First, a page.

And once you presented she had profound acute respiratory distress syndrome, which is one of the worst forms of lung injury. She also had severe heart failure with the very low ejection fraction so her heart was not squeezing well at all. And she required high amounts of three different types of vasopressors. She also had marked neutropenia or very low white blood cell counts so she had an inability to really clear the infection because of this toxin destroying her white blood sales and she also developed a serious lactic acid doses with a low production of urine requiring essentially a hemo-dialysis type treatment.
Despite antibiotics and despite using renal arterial VA ecmo which is a way to oxygenate blood outside of the body as well as provide circulatory support to the body the patient’s condition did not improve. And you can see that on the graph to the right. CytoSorb was then added two hours after the institution of VA ECMO and what you can see their after continuation of the therapy for about 24 hours. You can see a very rapid reduction in the need for vasopressors and this is really the surrogate indicator for hemodynamic stability in this patient.
And she was completely wind off all pervasive pressers within 24 hours. And the investigators here also added on IVIG Interveneous Immunoglobin as well as clinomysin [ph] as a way to help further turn off production of this toxin while CytoSorb was removing the toxin. This patient in the treat follow-up she ultimately went onto recover with normal heart function and some residual lung dysfunction in a two months follow-up following her discharge.
But suffice it to say I think if not for the heroic efforts of her physicians and if not for the availability of really next generation advanced products to treatment sepsis like CytoSorb, it's probably safe to say that this woman would have died. And so we're very proud to have had a role in helping this woman survive.
So with that I’d like to conclude with our outlook for the second half of 2016. As we’ve said before CytoSorbents has not historically given financial guidance on quarterly results until the quarter has been completed. However, we currently expect a strong second half of 2016 with the achievement of numerous operating milestones. In addition we fully expect that the second half of 2015 CytoSorb sales, as well as total revenue will exceed those in the first half of 2016.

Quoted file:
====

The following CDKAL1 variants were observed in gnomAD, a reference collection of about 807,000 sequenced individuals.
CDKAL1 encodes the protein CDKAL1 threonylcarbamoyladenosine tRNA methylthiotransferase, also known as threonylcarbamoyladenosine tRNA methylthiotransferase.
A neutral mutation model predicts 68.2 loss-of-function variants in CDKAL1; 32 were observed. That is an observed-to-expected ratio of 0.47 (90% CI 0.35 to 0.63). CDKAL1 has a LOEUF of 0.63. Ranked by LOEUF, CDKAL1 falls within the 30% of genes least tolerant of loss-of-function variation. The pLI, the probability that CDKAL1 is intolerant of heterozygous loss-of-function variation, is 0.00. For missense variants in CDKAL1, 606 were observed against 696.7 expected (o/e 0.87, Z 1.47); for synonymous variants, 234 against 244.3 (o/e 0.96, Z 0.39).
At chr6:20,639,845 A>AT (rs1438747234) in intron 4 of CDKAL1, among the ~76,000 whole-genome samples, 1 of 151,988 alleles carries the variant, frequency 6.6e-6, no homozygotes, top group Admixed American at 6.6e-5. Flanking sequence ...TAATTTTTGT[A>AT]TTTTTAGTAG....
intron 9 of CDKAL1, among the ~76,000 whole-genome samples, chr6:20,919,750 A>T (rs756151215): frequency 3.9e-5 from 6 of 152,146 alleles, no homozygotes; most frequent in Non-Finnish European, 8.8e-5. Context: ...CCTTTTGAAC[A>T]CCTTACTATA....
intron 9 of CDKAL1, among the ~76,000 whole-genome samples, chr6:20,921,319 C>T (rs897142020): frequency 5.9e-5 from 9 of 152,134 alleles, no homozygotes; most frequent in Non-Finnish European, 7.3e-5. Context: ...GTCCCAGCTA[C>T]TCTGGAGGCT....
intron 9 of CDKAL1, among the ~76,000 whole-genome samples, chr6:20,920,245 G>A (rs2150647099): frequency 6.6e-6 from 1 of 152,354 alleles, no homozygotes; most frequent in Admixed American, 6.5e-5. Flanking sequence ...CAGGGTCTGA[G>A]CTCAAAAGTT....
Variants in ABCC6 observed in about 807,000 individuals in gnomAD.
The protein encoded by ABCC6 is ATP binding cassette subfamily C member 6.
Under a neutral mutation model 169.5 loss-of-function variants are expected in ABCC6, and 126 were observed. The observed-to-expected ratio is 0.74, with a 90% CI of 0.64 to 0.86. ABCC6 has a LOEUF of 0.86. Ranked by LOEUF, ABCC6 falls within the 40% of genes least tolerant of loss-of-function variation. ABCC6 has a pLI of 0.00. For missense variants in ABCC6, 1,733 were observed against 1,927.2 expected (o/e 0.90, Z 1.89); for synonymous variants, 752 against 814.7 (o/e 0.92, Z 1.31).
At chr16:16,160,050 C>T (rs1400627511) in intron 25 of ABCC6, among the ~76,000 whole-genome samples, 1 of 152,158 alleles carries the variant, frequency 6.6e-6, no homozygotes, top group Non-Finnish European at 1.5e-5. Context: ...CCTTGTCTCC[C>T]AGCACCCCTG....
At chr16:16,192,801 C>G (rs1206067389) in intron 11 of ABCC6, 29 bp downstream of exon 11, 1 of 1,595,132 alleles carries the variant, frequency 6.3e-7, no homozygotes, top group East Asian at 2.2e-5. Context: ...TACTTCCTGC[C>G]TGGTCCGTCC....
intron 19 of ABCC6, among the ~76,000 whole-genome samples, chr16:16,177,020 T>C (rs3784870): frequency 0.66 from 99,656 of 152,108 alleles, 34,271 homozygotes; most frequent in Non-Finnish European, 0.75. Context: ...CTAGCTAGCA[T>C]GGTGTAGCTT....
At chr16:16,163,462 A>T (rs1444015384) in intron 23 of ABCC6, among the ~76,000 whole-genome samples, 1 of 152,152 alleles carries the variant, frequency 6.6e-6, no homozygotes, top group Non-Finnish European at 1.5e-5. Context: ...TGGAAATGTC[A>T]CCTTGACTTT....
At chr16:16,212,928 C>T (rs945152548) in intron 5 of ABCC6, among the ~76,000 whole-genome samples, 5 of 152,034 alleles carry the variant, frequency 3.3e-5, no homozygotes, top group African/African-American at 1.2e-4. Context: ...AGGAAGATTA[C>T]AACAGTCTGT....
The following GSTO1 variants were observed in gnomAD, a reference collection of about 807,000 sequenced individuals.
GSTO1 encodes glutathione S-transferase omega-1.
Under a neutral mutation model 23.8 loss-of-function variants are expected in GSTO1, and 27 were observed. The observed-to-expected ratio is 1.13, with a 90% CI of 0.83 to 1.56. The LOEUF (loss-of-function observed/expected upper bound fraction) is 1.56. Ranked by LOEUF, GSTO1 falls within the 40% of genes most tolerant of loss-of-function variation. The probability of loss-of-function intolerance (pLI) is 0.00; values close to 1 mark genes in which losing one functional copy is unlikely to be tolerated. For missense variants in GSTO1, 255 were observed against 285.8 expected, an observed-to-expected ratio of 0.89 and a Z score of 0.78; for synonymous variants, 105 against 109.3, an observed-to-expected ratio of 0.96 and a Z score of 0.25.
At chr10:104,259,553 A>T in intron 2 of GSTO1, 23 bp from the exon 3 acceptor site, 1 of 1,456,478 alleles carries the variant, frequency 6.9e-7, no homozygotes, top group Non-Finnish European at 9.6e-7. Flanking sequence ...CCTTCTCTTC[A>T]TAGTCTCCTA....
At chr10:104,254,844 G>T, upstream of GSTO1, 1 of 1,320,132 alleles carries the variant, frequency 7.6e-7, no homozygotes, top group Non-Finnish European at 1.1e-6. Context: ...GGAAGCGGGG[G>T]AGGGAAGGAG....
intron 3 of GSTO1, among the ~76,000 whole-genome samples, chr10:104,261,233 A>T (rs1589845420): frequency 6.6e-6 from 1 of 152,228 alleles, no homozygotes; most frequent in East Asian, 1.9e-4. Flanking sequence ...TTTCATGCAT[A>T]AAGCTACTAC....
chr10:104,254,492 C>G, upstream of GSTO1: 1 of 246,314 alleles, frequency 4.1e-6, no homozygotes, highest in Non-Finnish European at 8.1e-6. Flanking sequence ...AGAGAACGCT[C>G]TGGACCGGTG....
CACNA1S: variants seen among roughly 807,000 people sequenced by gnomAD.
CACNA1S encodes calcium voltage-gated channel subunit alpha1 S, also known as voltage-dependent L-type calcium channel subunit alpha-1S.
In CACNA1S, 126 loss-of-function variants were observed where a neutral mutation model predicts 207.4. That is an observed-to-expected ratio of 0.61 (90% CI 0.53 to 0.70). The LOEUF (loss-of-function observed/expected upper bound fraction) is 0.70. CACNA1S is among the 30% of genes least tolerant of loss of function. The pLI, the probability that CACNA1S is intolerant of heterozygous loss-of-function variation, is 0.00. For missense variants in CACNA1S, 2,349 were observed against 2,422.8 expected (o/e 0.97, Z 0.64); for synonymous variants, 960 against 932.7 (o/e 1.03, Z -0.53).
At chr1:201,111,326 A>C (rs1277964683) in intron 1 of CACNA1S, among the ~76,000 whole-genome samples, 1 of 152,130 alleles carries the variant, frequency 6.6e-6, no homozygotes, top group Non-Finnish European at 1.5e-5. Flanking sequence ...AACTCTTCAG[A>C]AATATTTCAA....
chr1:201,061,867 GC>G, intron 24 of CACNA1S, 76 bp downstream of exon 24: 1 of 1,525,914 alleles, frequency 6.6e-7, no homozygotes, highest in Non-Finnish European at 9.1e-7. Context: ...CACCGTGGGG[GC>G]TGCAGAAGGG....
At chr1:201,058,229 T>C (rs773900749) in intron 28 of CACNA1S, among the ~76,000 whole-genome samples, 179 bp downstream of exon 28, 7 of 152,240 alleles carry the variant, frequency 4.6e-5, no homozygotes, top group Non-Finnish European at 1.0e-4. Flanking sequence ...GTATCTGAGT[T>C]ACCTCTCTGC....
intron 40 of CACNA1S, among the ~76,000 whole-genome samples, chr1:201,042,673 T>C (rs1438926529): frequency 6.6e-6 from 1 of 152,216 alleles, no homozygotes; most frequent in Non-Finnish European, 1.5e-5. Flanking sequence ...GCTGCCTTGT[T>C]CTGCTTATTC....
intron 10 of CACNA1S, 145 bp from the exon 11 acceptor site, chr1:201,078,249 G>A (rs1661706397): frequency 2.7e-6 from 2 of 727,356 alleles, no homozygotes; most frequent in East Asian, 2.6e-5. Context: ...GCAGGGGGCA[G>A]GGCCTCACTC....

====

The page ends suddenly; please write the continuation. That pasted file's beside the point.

So with that that concludes our current prepared remarks, and now I would like to open it up to a live Q&A session. Amy?
Thank you Dr. Chan. Operator we're ready to pull for questions.
Thank you. [Operator Instructions] We’ll take our first question from Jason Kolbert with Maxim Group. Go ahead.
Hi, guys. This is Gabrielle [ph] for Jason.
Congratulations on a solid quarter. We are really excited for the growth. So I have couple of questions here. The first one is, what are the criteria you put in place when you sign up distributor? And how do you set the benchmark goal and how you measure the performance of distributor? Thank you.
Sure. That’s a good question. We seek distributors who has extensive experience in critical care sales. They also typically are required to have experience in some type of extra-corporal life support, whether or not it be dialysis, chemo filtration, ECMO or other types of apheresis type technologies.
We are looking for committed partners that are typically have a well-balanced portfolio, that potentially have synergistic product portfolio with CytoSorb, but also have a manageable portfolio, where they can commit to the type of attention that we would expect from them to sell CytoSorb into the marketplace.
Now all of our distributor agreements come with exclusivity for their particular territories, but they also come with expectations on minimum purchases of CytoSorb in order to maintain exclusivity. And we follow our distributors on a very regular basis to make sure that they are achieving their goals. We support them extensively with marketing materials with clinical data, with reimbursement support most recently, and other types of support, as well as training of distributors on a regular basis. In order to make sure that, they are bringing the latest and greatest knowledge of how to use CytoSorb best to their customers in their territories.
And so we track our distributors and their orders on a regular basis. And that is one of the main ways that we follow them.
Okay, great. So can you walk me through what it takes to reach the critical mass in Europe. And at what point the use of CytoSorb become a routine modality? And how many KOLs needs to adopt the product for it to become the mainstream product in the marketplace? Does it make sense for us to be tracking the KOL adoption at this point?
Yes. So we used to use KOL adoption as kind of a benchmark for interest in CytoSorb sales. But since -- but as of probably more than a year to two years ago we stopped doing that, because the number of KOLs has become too numerous for us to count.